Our tech ex­perts an­swer all your Mini tech­ni­cal queries.

Mini Magazine - - Contents -

I’ve just bought a 1989 Mini 1000 with the two-clock bin­na­cle in front of the steer­ing wheel. On the first day the rear lights and re­vers­ing lights both failed. The front side lights and head­lights are work­ing fine, as well as all in­di­ca­tors and brake lights. As the brake lights are work­ing it sug­gests that it’s not the bulbs. All lights were work­ing when I took de­liv­ery of the Mini. My think­ing is that it could be a con­nec­tor some­where? There’s no ob­vi­ous link elec­tri­cally be­tween the rear lights and re­vers­ing lights, I don’t think. Maybe it’s a fuse? I could re-wire both cir­cuits, but any clues be­fore I do this it would be greatly ap­pre­ci­ated. Steven This could well be age-old cor­roded fuse box is­sue. On your 1989 car, the re­verse lights should be pow­ered from a feed com­ing from the top fuse in the fuse box via the re­verse light switch. The tail lights are pow­ered up by a feed from the bot­tom fuse in the fuse box. So if there is any is­sue with the fuse box, which is a reg­u­lar oc­cur­rence on older Minis, then there will be is­sues with them work­ing.

What­ever fuse box you have, they are sub­ject to the same is­sues – cor­ro­sion and gen­eral degra­da­tion. A good clean may help, but if in any doubt, the whole thing is eas­ily re­placed. This is sim­ple enough; re­move each cable/con­nec­tor in turn, la­belling each one with a tag of mask­ing tape to mark its po­si­tion as you go and tak­ing note of what fuses go where ac­cord­ing to their rat­ing. A cam­era phone could also come in handy here but the pics will need to be clear. The fuse box on your car should be are held on by two self-tap­per type screws eas­ily vis­i­ble down the cen­tre­line of the body. Undo these and the box will come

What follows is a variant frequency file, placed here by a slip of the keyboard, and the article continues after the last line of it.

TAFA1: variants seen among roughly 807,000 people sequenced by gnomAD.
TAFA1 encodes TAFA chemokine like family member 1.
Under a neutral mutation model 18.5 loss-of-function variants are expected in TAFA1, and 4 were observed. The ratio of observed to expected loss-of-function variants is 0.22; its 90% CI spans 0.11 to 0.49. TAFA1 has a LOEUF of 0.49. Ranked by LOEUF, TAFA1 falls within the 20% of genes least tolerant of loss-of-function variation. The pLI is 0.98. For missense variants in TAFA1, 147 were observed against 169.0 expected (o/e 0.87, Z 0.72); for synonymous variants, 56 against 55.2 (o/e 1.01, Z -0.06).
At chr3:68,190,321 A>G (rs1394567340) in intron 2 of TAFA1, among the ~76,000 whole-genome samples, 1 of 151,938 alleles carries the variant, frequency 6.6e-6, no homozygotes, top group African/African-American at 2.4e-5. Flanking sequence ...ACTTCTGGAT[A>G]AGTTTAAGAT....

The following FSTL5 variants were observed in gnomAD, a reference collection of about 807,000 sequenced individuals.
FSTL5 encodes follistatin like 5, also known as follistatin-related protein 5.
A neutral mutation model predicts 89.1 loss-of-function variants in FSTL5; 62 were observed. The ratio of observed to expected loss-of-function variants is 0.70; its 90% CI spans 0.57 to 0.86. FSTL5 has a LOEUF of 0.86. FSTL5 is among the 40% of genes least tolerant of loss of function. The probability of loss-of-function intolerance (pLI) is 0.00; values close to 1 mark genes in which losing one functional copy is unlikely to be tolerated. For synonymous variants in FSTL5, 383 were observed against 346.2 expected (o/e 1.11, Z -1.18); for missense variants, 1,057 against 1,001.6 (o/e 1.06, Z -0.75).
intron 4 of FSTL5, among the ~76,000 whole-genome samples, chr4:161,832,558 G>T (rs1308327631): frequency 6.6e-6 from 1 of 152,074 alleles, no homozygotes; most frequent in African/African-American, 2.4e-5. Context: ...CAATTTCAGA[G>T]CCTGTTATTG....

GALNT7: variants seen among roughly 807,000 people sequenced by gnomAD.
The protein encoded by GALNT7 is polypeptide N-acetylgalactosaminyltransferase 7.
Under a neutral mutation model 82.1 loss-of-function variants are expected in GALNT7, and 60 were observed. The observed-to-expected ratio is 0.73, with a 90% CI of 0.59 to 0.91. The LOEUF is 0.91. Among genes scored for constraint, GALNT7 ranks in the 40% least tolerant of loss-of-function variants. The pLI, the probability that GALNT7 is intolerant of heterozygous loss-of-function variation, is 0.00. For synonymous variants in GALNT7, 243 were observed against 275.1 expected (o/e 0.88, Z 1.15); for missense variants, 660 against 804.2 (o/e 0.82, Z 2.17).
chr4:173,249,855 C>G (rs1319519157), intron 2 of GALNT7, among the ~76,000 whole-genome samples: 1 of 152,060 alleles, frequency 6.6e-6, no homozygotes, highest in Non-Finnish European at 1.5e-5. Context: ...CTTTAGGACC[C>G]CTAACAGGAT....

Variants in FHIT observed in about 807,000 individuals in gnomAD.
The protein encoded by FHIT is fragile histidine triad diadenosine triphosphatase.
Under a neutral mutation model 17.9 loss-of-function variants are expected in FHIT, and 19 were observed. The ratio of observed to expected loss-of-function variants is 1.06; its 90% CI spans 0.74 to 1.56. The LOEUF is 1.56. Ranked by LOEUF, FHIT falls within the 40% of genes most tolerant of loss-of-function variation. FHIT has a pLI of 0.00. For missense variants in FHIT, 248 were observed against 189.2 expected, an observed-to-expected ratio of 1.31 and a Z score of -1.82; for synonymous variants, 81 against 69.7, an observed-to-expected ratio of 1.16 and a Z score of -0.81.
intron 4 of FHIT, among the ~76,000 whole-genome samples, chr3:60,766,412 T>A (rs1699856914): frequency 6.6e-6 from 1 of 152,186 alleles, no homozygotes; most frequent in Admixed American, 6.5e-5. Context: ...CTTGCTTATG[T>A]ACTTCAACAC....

“What­ever fuse box you have, they are sub­ject to the same is­sues – cor­ro­sion and gen­eral degra­da­tion”

away from the bulk­head.

While you’re at it, be sure to check all the cable ter­mi­nals/ fit­tings/con­nec­tors by hold­ing the cable and giv­ing the con­nec­tor a good tug to make sure it’s sound, free from cor­ro­sion, and the wires haven’t de­cayed/cor­roded into use­less­ness. If re­plac­ing the con­nec­tors en­sure they are fit­ted with a proper crimp­ing tool. Once fit­ted, re­peat the tug­ging test. Do it un­til you get it right and al­ways use con­nec­tors that achieve a fully-cov­ered con­nec­tion. The fuse box can then be fit­ted with ref­er­ence to your notes.

It’s rel­a­tively easy to re­place a fuse box.

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